For people with motor impairments due to an injury, stroke or chronic condition (e.g., Parkinson’s disease), the ability to manipulate tools to perform basic activities of daily living, such as brushing teeth or using a spoon to eat, can become severely limited with age. To carry out these essential activities, many of these individuals require extensive caregiving support, which can be physically, emotionally and financially taxing on themselves and their families. In this project, we developed an interactive robotic system to provide physical assistance to people with severe motor impairments.
The system features a PR2 robot, equipped with wheels for driving and two arms with grippers that allow for grasping objects and interacting with people. Collaborating with Henry Evans, a stroke survivor with quadriplegia, we designed a web interface that enabled him to control this robot to successfully perform certain everyday tasks, such as shaving and feeding, without the assistance of a human caregiver. Moreover, testing of the web interfaces among other people with severe upper body impairments revealed that users can control this robot to perform everyday object manipulation tasks, with a clinically significant improvement beyond their personal capabilities.
We demonstrated that the robot can provide assistance with dressing tasks such as putting on a hospital gown or sweater. The robot is able to sense human movement during dressing, and is capable of providing personalized assistance by learning and adapting to a person’s specific impairments. Finally, we roboticized a standard hospital bed, known as Autobed, that can estimate the 3D pose of a person on the bed using a pressure-sensing mat. Together, Autobed and the mobile robot collaborate as a system to better accomplish assistive tasks for a person lying in bed, such as feeding, scratching an itch, bed bathing, or pulling sheets on or off the person.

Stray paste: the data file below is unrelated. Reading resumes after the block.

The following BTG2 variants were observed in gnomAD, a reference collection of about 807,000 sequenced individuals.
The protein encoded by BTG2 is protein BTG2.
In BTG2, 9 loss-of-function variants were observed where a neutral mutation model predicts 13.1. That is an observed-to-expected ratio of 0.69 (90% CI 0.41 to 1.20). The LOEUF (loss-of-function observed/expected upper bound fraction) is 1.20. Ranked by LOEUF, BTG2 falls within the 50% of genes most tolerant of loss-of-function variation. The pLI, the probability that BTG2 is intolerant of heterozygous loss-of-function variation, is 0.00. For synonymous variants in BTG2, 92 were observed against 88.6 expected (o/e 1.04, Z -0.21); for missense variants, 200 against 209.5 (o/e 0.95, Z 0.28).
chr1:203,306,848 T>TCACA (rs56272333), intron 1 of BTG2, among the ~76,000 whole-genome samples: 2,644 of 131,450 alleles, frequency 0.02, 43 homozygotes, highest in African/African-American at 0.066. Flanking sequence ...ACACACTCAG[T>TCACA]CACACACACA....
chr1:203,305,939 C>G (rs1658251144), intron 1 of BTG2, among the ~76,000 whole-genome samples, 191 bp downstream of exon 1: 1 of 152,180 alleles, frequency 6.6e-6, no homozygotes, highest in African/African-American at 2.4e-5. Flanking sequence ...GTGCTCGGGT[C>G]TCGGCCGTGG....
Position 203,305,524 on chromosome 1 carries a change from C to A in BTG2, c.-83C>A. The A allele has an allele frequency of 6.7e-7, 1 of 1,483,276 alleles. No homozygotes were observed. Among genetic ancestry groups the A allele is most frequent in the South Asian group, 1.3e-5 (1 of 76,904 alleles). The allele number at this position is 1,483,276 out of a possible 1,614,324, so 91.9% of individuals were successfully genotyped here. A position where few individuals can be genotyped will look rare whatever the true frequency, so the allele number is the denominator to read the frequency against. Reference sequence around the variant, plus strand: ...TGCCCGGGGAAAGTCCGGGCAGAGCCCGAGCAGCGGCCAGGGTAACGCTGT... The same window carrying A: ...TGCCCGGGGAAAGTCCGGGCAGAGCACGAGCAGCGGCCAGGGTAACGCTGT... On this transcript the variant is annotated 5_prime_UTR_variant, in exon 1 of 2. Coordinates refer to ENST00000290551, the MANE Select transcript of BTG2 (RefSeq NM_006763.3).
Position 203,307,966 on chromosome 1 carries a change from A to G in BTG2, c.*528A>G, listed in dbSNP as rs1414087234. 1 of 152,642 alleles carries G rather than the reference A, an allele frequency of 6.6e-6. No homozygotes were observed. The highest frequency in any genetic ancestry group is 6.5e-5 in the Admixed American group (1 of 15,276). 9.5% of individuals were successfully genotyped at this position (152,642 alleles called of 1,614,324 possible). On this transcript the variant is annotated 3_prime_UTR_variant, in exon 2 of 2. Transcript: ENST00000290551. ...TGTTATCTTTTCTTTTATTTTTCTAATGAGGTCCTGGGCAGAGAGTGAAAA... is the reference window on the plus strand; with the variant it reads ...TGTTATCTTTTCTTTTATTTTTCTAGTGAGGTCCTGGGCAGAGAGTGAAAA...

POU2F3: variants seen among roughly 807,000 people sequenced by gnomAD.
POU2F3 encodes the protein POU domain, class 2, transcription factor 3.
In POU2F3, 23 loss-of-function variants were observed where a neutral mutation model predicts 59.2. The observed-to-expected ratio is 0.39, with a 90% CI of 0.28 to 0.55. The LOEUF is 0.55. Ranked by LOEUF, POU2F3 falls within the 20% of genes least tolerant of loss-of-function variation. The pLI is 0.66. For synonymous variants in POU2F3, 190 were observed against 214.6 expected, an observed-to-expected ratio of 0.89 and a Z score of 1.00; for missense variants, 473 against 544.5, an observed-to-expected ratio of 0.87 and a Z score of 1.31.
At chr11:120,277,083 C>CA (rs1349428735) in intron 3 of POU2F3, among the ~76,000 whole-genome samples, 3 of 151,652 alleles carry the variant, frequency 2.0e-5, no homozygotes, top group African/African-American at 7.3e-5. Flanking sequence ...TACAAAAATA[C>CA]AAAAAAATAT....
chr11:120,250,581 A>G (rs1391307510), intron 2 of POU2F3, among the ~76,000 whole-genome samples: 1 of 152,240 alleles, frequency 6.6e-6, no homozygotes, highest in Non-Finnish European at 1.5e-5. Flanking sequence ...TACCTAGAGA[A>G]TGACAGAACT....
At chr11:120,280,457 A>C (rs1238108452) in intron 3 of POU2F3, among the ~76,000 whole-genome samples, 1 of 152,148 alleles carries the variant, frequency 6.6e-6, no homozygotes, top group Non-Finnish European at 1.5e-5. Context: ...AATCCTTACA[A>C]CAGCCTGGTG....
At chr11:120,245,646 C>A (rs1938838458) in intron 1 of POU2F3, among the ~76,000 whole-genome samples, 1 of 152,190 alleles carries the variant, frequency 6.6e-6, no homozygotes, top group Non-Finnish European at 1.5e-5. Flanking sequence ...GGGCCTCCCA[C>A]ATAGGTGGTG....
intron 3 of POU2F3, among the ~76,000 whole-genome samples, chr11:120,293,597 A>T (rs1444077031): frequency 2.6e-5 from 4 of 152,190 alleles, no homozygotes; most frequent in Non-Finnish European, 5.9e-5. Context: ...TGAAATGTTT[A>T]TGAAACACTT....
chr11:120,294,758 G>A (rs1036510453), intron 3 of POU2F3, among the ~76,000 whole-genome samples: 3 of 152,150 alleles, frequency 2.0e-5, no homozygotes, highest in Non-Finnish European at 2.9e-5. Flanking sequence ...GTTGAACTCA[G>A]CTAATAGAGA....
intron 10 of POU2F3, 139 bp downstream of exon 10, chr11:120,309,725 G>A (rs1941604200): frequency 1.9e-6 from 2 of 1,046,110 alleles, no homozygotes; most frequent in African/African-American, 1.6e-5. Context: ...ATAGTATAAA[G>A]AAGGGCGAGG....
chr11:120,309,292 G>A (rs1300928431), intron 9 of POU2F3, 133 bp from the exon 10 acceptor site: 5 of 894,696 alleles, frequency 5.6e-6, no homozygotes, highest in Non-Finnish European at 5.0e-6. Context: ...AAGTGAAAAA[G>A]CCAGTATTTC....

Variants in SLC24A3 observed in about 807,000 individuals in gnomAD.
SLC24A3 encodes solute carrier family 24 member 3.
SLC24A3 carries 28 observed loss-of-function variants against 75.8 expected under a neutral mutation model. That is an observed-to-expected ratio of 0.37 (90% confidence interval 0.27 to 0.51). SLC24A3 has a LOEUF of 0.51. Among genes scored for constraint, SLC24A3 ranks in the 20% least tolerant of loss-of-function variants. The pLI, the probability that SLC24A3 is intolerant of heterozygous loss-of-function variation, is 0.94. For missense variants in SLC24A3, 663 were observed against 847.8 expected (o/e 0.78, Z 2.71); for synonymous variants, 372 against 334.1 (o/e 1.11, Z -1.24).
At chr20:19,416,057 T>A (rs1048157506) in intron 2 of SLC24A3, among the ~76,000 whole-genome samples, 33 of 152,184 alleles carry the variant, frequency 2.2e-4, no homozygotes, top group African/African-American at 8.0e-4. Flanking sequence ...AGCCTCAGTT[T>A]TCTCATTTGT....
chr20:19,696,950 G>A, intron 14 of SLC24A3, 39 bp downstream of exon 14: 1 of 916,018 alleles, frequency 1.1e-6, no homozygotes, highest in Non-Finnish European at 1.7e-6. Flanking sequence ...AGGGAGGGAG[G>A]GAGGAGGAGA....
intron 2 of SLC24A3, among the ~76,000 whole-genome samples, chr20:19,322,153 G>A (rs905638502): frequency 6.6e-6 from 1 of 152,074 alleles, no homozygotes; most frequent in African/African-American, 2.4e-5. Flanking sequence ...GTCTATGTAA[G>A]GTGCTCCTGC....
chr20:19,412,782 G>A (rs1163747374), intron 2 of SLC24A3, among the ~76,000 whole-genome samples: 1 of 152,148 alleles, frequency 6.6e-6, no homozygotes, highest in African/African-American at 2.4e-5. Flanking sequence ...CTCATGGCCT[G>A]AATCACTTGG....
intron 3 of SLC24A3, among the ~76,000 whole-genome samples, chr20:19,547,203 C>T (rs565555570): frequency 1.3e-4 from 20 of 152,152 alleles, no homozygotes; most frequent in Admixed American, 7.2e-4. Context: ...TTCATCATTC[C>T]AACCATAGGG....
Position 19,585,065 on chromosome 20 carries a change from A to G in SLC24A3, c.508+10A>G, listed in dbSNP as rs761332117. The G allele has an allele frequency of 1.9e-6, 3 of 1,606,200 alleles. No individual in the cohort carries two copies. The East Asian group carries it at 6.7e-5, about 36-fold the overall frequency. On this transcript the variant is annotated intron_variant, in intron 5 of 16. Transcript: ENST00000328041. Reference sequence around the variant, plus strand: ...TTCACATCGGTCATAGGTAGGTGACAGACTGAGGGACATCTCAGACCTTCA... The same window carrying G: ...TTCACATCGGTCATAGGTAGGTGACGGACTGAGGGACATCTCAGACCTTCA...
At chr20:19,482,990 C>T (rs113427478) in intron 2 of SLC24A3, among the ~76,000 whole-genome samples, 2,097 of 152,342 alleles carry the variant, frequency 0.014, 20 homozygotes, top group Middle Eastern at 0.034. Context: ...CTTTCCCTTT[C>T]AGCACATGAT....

Key words: Assistive robotics, Healthcare, Mobile Manipulator, Robot-Assisted Feeding, Robot-Assisted Dressing, Teleoperation, Human-Robot Interaction
Autobed – Web controlled electric hospital bed (Charlie Kemp, Healthcare Robotics Lab). The Autobed module is an additional module for an Invacare fully electric hospital bed (Model 5410IVC) so that the bed can be controlled from a web-based interface. This module can be easily plugged between the hand control and the Invacare bed, without having to modify any existing hardware on the bed. The Autobed technology gives the control of an electric bed to the motor impaired bedridden person. This enables any motor impaired person who can operate a web browser to control their own electric bed at a very low cost. Invacare, Co. is currently working on commercializing Autobed.
- Georgia Tech Research Horizons (2019, March). Research by Investigator Charlie Kemp and Phil Grice featured in news story, “Seeing through a Robot’s Eyes Helps Those with Profound Motor Impairments”.
- Georgia Tech News Center (2018, May). Research by Investigator Charlie Kemp featured in news story, “Robot Teaches Itself How to Dress People”.
- TED Talk (TEDxMidAtlantic, 2013, October). Henry Evans & Chad Jenkins: Meet the Robots for Humanity.